If however you are super impatient, a study from Northwestern University in the US found that gently moving the face in the hours after the treatment caused the Botox to kick in about a day earlier.
The moves were fairly simple – the doctors asked people to raise their eyebrows and knit their brows forty times. They repeated this three times in the four hours after treatment.
Ask your doctor what movements might work best for where they place your jabs.
Does Exercise Make Botox Wear Off Sooner?
I first heard about this when I wrote an earlier post on the rules on exercise after fillers.
In this, London aesthetic specialist Dr Ifejome Ejikeme told me that because the body treats the ingredients in fillers the same as it does fat, excessive exercise can cause them to break down a bit faster.
Anecdotally some doctors report the same thing happening to heavy exercisers who have Botox.
While in general, the freezing effects of Botox should last 3-6 months, it might err towards the lower end of that range in the super fit.
So, is there anything you do to prevent this?
How to Make Botox Last Longer
A supplement called Zytaze seems to make Botox last longer.
It’s a mix of zinc and phytase and in a small study by Baylor College of Medicine in Houston, it prolonged the life of Botox by about 30 per cent in 92 per cent of the patients studied.
It works because Botox needs zinc to work and phytase helps stop zinc breaking down in the body. The combination seems to help Botox last longer.
In this study, zinc supplements alone didn’t seem to have the same effect – although I have seen some surgeons suggesting patients try them.
If you’d prefer to just give zinc a go, the dose in Zytaze is 50mg of zinc citrate
I’m a big fan of Solgar products which pride themselves on good bioavailability so you’re not just flushing your money down the drain.
Check Out Dr Talib
Good skincare will always enhance the work of injectables – and I’m a big fan of the work of Dr Nigma Talib who works with celebrities like Sienna Miller (and have you seen her skin lately – it’s incredible).
Ditch the Drink
You might also want to cut back on alcohol. Not only does drinking create free radicals that age skin, according to the theory of Chinese medicine, overloading the liver causes the lines between your brows to be more pronounced.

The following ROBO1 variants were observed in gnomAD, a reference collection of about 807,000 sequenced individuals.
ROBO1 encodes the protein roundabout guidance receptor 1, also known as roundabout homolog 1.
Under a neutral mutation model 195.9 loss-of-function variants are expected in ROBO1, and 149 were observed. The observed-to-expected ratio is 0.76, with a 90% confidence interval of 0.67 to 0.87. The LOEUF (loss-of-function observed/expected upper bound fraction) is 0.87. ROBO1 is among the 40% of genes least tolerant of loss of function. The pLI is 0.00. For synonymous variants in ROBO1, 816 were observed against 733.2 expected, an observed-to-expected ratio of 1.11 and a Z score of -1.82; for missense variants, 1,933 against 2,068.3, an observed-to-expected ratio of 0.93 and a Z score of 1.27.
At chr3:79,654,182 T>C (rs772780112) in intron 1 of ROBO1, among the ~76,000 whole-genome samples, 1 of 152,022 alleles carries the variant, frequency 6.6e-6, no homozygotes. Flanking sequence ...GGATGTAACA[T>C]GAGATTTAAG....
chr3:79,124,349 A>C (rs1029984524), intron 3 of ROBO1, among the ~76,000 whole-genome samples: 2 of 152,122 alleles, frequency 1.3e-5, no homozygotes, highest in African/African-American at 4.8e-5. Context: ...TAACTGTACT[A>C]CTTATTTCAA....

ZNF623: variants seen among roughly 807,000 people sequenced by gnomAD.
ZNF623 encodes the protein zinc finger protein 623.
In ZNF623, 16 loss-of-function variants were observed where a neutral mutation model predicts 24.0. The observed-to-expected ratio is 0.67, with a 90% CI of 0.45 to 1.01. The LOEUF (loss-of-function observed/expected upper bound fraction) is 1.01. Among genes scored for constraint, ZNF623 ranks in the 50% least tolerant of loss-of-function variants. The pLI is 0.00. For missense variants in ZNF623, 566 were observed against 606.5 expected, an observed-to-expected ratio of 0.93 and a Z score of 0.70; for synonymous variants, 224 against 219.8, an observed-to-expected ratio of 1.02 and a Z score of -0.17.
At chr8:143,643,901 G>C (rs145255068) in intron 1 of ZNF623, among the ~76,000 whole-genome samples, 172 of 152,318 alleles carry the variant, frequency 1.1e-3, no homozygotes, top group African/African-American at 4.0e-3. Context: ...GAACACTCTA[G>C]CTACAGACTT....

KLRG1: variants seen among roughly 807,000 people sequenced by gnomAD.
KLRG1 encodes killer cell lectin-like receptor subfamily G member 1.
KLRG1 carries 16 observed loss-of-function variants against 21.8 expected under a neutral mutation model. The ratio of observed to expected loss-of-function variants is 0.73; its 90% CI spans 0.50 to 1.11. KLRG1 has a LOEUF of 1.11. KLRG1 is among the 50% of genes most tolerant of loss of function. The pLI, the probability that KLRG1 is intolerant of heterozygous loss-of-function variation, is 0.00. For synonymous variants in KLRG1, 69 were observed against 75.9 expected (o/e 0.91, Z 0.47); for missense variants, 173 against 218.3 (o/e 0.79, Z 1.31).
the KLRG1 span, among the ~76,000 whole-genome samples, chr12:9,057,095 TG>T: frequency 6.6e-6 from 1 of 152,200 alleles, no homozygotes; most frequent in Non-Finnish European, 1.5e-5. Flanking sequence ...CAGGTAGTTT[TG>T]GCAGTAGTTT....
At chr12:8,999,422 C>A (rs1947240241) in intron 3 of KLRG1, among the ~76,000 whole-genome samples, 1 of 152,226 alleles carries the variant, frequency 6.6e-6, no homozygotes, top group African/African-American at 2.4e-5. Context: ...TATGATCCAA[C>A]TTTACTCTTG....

I know when I take a break from alcohol for a month, I really notice a different here.
If that sounds like some form of torture, check out my Dry January Survival Guide that covers a whole load of tips on how to give up booze for a month without descending into misery.
Or, you could go straight to the book I wrote on that very subject.
Anything Else To Avoid After Botox
‘Saunas,’ says Dr Shotter. ‘They cause increased blood flow and raise body temperature increasing your bruising risk.
People used to worry about the heat denaturing the Botox, but in reality once it has been injected it very quickly binds and therefore shouldn’t be a problem.
Massages, where you lie face down, can also be an issue due to the risk of the product migrating from its injection site if you have it too soon after your Botox treatment.
More of a concern for me is facial massage – professional or at home; these could cause more complications as they can spread the product. I ask patients to wait a week before resuming facial massage.
I also ask them to be gentle massaging in their cleanser and moisturiser for about a week after treatment.’
And, don’t rub your eyebrows before your doctor has even got their next patient comfy yet either! I learned that one the hard way!
Anything Else To Avoid Before Botox?
‘Fish oils, Vitamin E, garlic and gingko can all increase your risk of bruising. Ideally stop these a week beforehand,’ says Dr Shotter.
Dr Jack agrees and adds that if it’s safe for you to do so, you should also avoid too much aspirin or NSAID medications, like ibuprofen for a week before your treatment.
So, there you have it. All the rules about exercising after Botox. Hope it helped clear everything up for you.
If you’re also a fan of other cosmetic procedure, you might want to take a look at our ‘When Can I’ category, which looks at the rules of exercising for procedures like microblading, microdermabrasion and microneedling. You’ll find all the posts here.
Who is The Wellness Nerd?
My name is Helen Foster and I’m a health journalist and wellness author. Publications I’ve written for include Women’s Health, Reader’s Digest, Body and Soul, Good Health at the Daily Mail and more. I have also written 16 books on health and nutrition.